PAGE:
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ARCHESTRATUS, of Syracuse or Gela, a Greek poet, who flourished about 330 B.C. After travelling extensively in search of foreign delicacies for the table, he embodied the result in a humorous poem called , afterwards freely translated by Ennius under the title Heduphagetica. About 300 lines of this gastronomical poem are preserved in Athenaeus. The writer, who has been styled the Hesiod or Theognis of gluttons, parodies the style of the old gnomic poets; chief attention is paid to details concerning fish.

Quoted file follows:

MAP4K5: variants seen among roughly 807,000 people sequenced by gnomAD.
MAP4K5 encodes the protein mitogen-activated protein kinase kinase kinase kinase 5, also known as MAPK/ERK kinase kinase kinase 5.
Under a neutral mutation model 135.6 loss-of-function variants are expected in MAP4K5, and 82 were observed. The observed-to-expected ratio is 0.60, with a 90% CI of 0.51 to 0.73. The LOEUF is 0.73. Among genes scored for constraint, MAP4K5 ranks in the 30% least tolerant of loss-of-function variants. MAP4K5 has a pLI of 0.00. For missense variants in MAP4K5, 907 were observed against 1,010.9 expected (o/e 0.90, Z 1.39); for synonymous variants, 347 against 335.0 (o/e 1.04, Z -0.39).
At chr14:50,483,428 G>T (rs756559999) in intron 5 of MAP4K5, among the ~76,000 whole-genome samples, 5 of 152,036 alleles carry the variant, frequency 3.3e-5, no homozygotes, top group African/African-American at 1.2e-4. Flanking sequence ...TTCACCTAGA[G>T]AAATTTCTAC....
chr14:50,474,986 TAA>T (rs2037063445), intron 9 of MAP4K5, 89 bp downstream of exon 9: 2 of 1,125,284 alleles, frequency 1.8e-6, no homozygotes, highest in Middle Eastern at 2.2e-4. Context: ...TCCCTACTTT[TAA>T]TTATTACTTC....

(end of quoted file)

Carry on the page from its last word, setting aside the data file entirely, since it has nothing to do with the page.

Ribbeck, Archestrati Reliquiae (1877); Brandt, Corpusculum Poesis Epicae Graecae ludibundae, i. 1888; Schmid, De Archestrati Gelensis Fragmentis (1896).

Note - this article incorporates content from Encyclopaedia Britannica, Eleventh Edition, (1910-1911)

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